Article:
Handloom refers to a variety of wooden frames used by experienced artisans to weave fabrics made mostly of natural fibers such as cotton, silk, wool, and jute. The tools that are used to operate a loom are made from wood, bamboo, or both, and they do not require power to operate. Because it is done handmade and natural products are used in the process, looming is one of the most environmentally friendly method to produce clothing.

Handloom fabrics are woven by hand on a handloom, which is a type of weaving machine. It is done by tying a set of vertical threads, known as "warp," to a set of horizontal threads, known as "weft." The loom holds the warp threads to make it easier to weave the weft threads over and above the warp with a weaving shuttle. Handloom fabrics have a long history that made them become traditional.

History of Handloom Fabrics

In the past, fabric production process was entirely manual as it was a cottage industry in which an entire family or community was involved in the cloth-making process. They could do everything from spinning the yarn to coloring it and weaving it on the loom.

It is said that the earliest known handloom was made around the time when silk production first started in China. Lady His-Ling-Shih, the wife of the Yellow Emperor, who is considered to have ruled China around 3,000 BC, is said to have created both silk manufacture and handloom weaving. Many more kinds and forms of handloom designs emerged as looming moved from China to Southeast Asian countries including Thailand, Cambodia, Indonesia, Lao, Brunei, Malaysia, and others. Even today, many looms work on the same principles as some of the first looms.

In 1801, Joseph-Marie Jacquard invented the jacquard machine, which was one of the most significant advancements in weaving. With a device attached to the loom, punch-holes were made to create elaborate patterns and designs. As a result of this invention, highly valuable pattern fabric became considerably more accessible to the general public. Weavers favored the jacquard loom when it arrived in India in the mid-nineteenth century, and the textile industry boomed. Indian weaving was extremely popular around the world, and it was exported to Egypt, Arabia, and China. Today, handloom is seen and used as an environmentally responsible option for production of clothing.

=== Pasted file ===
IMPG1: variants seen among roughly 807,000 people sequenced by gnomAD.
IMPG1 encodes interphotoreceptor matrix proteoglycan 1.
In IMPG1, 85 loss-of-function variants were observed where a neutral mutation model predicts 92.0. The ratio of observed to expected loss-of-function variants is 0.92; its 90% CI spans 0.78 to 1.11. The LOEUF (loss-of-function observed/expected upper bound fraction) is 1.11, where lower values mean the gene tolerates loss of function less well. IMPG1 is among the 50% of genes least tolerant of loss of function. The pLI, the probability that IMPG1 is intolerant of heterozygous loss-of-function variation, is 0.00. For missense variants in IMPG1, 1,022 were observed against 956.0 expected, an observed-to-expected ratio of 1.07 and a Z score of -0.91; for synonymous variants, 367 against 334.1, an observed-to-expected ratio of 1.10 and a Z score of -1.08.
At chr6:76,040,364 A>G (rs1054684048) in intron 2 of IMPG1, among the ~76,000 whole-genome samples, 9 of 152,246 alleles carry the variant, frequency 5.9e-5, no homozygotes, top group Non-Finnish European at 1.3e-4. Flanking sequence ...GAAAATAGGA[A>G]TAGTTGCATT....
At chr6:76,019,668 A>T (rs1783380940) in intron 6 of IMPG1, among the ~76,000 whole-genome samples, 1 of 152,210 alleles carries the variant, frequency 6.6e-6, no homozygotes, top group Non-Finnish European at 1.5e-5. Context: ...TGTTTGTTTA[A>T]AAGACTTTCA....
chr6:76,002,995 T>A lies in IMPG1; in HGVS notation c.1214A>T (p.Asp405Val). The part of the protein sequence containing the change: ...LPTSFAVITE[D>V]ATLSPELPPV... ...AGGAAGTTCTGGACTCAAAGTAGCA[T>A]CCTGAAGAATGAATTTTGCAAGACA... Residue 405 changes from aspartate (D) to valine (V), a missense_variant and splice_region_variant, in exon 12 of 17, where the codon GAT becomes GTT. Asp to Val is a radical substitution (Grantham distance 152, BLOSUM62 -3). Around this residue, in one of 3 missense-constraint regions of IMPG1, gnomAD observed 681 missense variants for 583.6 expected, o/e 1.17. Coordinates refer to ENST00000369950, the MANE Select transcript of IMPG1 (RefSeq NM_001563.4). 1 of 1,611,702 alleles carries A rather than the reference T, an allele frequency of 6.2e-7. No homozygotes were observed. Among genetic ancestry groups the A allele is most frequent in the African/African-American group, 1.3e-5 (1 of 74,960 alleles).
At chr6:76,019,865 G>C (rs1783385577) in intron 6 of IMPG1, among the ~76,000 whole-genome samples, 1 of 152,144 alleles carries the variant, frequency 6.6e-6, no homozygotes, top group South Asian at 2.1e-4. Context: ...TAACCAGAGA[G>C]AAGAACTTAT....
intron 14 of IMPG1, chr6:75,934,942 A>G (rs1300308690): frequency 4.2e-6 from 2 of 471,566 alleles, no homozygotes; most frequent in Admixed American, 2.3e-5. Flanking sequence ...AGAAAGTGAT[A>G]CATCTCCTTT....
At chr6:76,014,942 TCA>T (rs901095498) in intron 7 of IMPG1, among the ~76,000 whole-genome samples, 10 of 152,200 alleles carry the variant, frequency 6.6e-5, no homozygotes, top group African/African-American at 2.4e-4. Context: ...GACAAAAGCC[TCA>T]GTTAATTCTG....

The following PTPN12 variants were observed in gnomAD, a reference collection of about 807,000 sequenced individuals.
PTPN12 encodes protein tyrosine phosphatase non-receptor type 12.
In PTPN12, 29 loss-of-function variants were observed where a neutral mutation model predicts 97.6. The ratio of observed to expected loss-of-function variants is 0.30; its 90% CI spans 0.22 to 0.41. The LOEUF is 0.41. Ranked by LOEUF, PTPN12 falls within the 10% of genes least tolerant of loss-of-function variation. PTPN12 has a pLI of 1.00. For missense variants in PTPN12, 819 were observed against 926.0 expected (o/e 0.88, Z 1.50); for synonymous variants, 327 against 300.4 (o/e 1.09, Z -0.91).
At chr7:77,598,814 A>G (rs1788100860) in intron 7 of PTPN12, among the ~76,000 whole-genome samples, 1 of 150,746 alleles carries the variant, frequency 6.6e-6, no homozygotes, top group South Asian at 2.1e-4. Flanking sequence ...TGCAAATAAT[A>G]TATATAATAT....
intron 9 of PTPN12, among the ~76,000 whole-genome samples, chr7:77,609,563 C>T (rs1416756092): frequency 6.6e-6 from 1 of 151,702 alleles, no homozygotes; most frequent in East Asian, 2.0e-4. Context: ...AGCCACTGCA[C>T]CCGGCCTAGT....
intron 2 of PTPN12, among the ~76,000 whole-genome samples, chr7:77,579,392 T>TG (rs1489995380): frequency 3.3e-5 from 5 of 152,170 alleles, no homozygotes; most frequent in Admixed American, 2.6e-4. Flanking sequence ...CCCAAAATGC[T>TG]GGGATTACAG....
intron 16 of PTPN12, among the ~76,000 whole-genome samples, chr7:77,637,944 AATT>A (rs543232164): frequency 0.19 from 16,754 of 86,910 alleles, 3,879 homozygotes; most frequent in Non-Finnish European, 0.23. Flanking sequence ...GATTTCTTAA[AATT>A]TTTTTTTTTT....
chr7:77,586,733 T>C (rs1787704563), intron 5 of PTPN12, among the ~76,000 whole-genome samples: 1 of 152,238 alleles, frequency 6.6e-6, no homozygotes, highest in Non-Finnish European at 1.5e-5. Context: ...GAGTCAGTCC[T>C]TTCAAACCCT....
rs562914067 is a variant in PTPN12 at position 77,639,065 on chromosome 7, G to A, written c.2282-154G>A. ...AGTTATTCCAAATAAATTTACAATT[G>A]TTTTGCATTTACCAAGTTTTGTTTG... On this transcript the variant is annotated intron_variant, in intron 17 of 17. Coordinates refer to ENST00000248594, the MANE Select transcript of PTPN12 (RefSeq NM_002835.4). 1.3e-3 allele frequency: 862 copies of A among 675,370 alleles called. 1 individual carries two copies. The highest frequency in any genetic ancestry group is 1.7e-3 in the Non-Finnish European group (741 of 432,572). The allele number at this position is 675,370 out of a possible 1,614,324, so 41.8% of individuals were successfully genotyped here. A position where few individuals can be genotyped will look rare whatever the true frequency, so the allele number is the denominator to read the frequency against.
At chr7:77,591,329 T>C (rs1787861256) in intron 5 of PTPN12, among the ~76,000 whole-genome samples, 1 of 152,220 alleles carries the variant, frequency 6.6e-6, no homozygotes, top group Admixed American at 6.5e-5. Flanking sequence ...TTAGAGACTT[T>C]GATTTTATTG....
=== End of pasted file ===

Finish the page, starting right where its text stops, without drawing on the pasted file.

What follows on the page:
What Are Handloom Fabrics?

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Manufacturing Process of Handloom Fabrics

The manufacturing process includes gathering raw materials, in order to produce handloom fabrics using different techniques, and dye them. Most common raw materials for handloom weaving are cotton, silk, wool, and linen. Each material creates different types of fabric which can be used for various purposes. By choosing the right type of raw material and the correct technique in the production of handloom fabrics, you can guarantee the best results.

Benefits of Choosing Handloom Fabrics

1. High-Quality

One of the most important benefits of choosing handloom fabrics is to produce higher quality handmade clothing rather than machine-produced ones. Since natural raw materials and fibers like silk, cotton, linen, and wool are used in the making of handloom fabrics, that makes the fabric as high quality as the materials themselves. Clothes made with high-quality fabric will last longer and be more resilient.

The production process also plays an important role in the quality of the fabric. Unlike in mass-produced clothing, weavers that make handloom fabric pay close attention to creating high-quality and long-lasting fabrics.

2. Unique

The beauty of hand-loomed fabrics is that no two are the same. Each piece is a work of art and a one-of-a-kind example of workmanship, reflecting the weaver's dedication, love, passion, and perseverance. Even today, there are sophisticated handloom patterns that are still above the capabilities of machines. Patterns and colors can be custom designed and be one of a kind. This cannot be achieved by mass-produced machine-made clothing. Having a high-quality article of clothing that no one else has makes it more special than any other piece of clothing.

3. Environmentally Friendly

From production to fabric selection, dyeing, and weaving, every stage of weaving process is environmentally friendly. Handloom fabrics are not produced using complex machinery and electricity. These fabrics are produced using natural fibers such as cotton, linen, silk, and wool and since they are natural, handloom fabrics do not create waste the same way as mass-produced clothing.

What Are Handloom Fabrics?

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Also, the dye used for handloom fabrics are created naturally. Natural materials such as turmeric, indigo, henna, dogwood bark, and dandelion are commonly used as fabric dyes because they are harmless for the skin and the environment. Fabrics are mainly produced by order, resulting in reduced waste. Leftover materials are repurposed into new designs and the loom is manually operated, requiring no energy or water and emitting no carbon dioxide. With all these important facts, it is clear that handloom fabrics are more environmentally friendly and sustainable compared to mass-produced fabrics and clothing.

Looming and handloom fabrics have been popular again nowadays in numerous countries and cultures. Because it’s a sustainable option that offers high-quality products, it has the potential of becoming a worldwide phenomenon.

Since it has become a necessity to be more environmentally concious to protect our world, brands like The Handloom aim to provide clothing made with sustainable and high-quality handloom fabrics to arm’s length for everyone. If you want live an eco-friendly life and aim to have less wasteful clothing, look no further than The Handloom for high-quality and sustainable clothing.

March 07, 2022